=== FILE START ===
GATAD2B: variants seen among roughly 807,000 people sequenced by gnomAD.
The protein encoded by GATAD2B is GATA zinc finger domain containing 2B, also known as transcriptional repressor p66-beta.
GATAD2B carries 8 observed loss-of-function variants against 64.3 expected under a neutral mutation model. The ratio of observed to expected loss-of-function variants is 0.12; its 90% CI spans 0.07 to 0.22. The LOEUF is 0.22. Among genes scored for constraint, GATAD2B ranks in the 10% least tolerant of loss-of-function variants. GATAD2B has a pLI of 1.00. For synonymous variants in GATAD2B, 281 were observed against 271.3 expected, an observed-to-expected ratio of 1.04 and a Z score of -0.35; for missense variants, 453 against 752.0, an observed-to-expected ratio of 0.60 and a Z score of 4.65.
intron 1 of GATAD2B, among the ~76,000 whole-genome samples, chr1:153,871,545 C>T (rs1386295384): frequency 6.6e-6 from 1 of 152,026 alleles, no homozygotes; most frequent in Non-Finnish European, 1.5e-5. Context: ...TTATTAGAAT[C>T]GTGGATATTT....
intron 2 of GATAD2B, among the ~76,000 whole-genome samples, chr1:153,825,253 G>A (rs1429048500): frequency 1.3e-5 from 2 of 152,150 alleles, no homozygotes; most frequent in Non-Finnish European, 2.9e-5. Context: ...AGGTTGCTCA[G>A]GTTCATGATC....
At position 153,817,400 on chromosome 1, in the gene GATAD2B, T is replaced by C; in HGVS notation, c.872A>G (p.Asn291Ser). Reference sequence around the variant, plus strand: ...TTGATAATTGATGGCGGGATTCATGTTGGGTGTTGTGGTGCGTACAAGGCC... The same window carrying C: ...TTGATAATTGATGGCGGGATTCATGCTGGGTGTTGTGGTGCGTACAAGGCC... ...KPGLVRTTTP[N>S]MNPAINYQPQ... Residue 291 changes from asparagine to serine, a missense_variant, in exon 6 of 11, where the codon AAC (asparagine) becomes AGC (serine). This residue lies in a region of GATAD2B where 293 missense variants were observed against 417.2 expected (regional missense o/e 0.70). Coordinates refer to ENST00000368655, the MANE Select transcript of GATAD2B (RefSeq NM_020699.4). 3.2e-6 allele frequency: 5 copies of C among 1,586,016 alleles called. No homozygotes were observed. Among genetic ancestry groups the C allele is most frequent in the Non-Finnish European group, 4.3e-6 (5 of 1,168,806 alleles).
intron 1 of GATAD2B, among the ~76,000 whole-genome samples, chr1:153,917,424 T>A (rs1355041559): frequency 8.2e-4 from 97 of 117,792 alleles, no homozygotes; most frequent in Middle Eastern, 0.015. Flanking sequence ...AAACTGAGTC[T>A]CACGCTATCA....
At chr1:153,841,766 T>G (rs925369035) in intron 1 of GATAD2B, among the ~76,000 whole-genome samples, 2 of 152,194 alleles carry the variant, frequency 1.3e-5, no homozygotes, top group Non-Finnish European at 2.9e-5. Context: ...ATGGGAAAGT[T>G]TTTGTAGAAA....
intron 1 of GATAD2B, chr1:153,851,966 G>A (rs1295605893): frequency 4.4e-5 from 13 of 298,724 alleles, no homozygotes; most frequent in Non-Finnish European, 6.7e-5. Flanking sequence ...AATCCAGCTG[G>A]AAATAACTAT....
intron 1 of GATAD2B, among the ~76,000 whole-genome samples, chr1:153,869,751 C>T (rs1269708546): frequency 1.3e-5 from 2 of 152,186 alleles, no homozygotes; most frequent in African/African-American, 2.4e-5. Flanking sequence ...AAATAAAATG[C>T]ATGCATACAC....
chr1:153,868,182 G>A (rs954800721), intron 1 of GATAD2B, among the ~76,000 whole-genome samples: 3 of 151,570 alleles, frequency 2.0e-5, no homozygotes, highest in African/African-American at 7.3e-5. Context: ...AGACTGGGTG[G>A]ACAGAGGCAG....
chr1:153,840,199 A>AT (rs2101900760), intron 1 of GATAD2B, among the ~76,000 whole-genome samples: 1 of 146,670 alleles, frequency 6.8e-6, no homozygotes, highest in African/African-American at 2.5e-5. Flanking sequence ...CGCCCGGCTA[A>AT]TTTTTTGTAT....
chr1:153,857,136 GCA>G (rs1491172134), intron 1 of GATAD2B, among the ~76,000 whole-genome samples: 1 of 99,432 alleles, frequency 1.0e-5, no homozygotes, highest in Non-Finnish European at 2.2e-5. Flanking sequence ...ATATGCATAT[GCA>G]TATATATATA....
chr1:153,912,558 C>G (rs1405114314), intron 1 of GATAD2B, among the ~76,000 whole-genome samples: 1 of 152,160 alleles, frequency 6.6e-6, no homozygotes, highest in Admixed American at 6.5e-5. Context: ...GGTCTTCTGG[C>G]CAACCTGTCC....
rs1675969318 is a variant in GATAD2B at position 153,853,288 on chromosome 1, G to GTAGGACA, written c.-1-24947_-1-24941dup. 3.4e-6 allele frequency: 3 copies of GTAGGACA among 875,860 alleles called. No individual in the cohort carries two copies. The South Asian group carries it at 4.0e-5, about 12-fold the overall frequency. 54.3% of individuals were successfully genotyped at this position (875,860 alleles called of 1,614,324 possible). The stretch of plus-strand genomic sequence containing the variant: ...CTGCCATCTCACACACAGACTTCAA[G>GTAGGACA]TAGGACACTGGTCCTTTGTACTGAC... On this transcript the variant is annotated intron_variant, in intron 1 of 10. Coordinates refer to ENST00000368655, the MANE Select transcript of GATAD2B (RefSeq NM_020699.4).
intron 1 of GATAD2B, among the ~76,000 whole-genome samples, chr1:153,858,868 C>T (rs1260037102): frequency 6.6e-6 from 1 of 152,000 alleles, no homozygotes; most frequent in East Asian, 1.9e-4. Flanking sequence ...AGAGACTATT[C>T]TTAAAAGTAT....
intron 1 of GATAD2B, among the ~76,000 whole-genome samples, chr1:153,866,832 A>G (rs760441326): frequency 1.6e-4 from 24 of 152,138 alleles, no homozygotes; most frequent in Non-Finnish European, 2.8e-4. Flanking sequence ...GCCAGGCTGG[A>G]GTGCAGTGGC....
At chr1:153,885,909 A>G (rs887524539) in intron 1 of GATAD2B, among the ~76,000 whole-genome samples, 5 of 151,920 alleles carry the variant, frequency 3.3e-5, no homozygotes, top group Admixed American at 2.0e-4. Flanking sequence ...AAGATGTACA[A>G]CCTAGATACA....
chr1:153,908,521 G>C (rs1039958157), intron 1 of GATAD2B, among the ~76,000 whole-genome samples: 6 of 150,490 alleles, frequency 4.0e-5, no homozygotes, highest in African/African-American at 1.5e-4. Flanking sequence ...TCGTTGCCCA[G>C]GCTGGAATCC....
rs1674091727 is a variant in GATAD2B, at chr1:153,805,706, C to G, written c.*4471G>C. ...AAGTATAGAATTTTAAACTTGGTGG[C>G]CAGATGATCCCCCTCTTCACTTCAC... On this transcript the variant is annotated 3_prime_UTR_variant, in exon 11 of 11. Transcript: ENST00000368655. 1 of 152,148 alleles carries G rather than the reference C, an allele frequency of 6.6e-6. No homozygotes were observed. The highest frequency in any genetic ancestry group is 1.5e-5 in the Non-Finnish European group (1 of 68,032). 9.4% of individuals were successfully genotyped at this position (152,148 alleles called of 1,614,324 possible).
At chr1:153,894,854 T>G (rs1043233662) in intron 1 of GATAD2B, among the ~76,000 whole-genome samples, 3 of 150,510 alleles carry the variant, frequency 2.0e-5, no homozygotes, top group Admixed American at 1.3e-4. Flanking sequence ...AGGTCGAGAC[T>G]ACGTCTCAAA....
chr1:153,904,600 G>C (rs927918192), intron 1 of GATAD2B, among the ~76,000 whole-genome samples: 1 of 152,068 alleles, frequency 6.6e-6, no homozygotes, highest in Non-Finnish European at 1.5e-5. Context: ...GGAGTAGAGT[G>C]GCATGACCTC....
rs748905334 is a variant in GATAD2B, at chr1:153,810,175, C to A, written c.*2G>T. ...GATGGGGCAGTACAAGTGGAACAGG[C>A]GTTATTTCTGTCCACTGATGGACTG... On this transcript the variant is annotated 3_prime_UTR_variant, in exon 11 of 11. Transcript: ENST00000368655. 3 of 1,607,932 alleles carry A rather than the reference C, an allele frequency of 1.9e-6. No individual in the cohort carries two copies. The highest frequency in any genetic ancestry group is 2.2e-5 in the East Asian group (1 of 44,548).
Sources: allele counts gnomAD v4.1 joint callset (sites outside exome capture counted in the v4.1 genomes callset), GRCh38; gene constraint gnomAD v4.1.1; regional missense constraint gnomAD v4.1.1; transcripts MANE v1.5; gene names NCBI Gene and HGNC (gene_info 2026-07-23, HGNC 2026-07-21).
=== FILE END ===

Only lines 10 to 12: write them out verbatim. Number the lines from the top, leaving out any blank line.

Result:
intron 1 of GATAD2B, among the ~76,000 whole-genome samples, chr1:153,869,751 C>T (rs1269708546): frequency 1.3e-5 from 2 of 152,186 alleles, no homozygotes; most frequent in African/African-American, 2.4e-5. Flanking sequence ...AAATAAAATG[C>T]ATGCATACAC....
chr1:153,868,182 G>A (rs954800721), intron 1 of GATAD2B, among the ~76,000 whole-genome samples: 3 of 151,570 alleles, frequency 2.0e-5, no homozygotes, highest in African/African-American at 7.3e-5. Context: ...AGACTGGGTG[G>A]ACAGAGGCAG....
chr1:153,840,199 A>AT (rs2101900760), intron 1 of GATAD2B, among the ~76,000 whole-genome samples: 1 of 146,670 alleles, frequency 6.8e-6, no homozygotes, highest in African/African-American at 2.5e-5. Flanking sequence ...CGCCCGGCTA[A>AT]TTTTTTGTAT....